Tories fined £10,000 after sending unwanted campaign emails

ICO said the breach of data protection laws was “serious”

The Conservative Party has been fined £10,000 for sending 51 marketing emails to people who did not want to receive them.

The fine comes after an Information Commissioner's Office (ICO) investigation relating to emails sent from the Conservative Party in the name of the UK prime minister, Boris Johnson, launched in an eight-day period after he was appointed in July 2019.

The emails set out Conservative political priorities, with the last sentence including a link directing them to a website for joining the Conservative Party. The ICO found, however, that the party failed to retain clear records of the basis upon which people can consent to receive marketing emails, as required by law.

"The public have rights when it comes to how their personal data is used for marketing," said the ICO's director of investigations, Stephen Eckersley. "Getting messages to potential voters is important in a healthy democracy, but political parties must follow the law when doing so. The Conservative Party ought to have known this but failed to comply with the law.

"All organisations – be they political parties, businesses or others – should give people clear information and choices about what is being done with their personal data. Direct marketing laws are clear, and it is the responsibility of all organisations to ensure they comply."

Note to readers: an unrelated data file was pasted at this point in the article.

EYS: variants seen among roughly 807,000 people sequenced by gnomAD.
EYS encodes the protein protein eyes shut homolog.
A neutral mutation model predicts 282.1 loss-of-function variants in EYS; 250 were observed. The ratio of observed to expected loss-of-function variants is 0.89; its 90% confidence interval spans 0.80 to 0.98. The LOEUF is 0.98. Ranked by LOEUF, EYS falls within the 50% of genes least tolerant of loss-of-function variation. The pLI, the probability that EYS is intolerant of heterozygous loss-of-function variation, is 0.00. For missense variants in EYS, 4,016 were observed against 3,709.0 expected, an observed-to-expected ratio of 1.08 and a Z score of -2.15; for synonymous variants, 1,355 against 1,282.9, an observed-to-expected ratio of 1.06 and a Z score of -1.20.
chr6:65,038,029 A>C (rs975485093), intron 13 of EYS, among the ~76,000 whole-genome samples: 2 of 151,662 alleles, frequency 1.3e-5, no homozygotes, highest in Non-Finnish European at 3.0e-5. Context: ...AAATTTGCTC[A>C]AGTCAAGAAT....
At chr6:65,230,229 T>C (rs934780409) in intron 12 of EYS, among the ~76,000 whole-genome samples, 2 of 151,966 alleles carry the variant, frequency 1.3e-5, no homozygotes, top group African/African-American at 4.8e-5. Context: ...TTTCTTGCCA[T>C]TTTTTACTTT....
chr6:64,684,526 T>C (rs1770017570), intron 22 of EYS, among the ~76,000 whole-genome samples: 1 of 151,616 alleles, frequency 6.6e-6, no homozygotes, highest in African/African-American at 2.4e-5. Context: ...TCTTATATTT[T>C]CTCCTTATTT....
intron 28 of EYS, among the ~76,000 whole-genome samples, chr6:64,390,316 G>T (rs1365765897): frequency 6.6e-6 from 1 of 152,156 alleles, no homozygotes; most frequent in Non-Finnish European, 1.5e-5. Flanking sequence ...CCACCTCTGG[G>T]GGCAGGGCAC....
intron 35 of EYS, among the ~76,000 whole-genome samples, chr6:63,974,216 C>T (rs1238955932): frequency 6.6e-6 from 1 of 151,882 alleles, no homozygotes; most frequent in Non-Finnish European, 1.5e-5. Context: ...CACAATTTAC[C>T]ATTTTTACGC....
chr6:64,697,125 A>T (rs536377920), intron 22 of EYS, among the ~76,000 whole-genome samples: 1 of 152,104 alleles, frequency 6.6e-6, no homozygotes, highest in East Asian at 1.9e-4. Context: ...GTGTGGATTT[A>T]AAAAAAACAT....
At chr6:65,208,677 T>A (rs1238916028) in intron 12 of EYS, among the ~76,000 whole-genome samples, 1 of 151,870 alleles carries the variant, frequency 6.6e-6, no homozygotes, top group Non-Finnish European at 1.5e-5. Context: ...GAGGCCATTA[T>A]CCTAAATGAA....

In the eight-day period, the Conservative Party sent out 1,190,280 marketing emails but the regulator found that not all emails were in breach of the Privacy and Electronic Communications Regulations (PECR), as it's likely some of the emails will have been validly sent. Due to the lack of record-keeping, however, it wasn't possible to determine the proportion that wasn't validly sent.

Investigators concluded that the Tory Party didn't have valid consent for the 51 marketing emails received by the complainants. It also failed to ensure records of those who had unsubscribed from its marketing emails were properly transferred when it changed email provider.

During its investigations, it was determined the Conservative Party engaged in an industrial-scale marketing email exercise in the December 2019 General Election campaign, sending nearly 23 million emails. This generated a further 95 complaints, which are likely to have resulted from the party's failure to address the original compliance issues identified in July 2019.

Featured Resources

Defeating ransomware with unified security from WatchGuard

How SMBs can defend against the onslaught of ransomware attacks

Free download

The IT expert’s guide to AI and content management

How artificial intelligence and machine learning could be critical to your business

Free download

The path to CX excellence

Four stages to thrive in the experience economy

Free download

Becoming an experience-based business

Your blueprint for a strong digital foundation

Free download

Most Popular

Zoom: From pandemic upstart to hybrid work giant
video conferencing

Zoom: From pandemic upstart to hybrid work giant

14 Sep 2021
What are the pros and cons of AI?
machine learning

What are the pros and cons of AI?

8 Sep 2021
Google takes down map showing homes of 111,000 Guntrader customers
data breaches

Google takes down map showing homes of 111,000 Guntrader customers

2 Sep 2021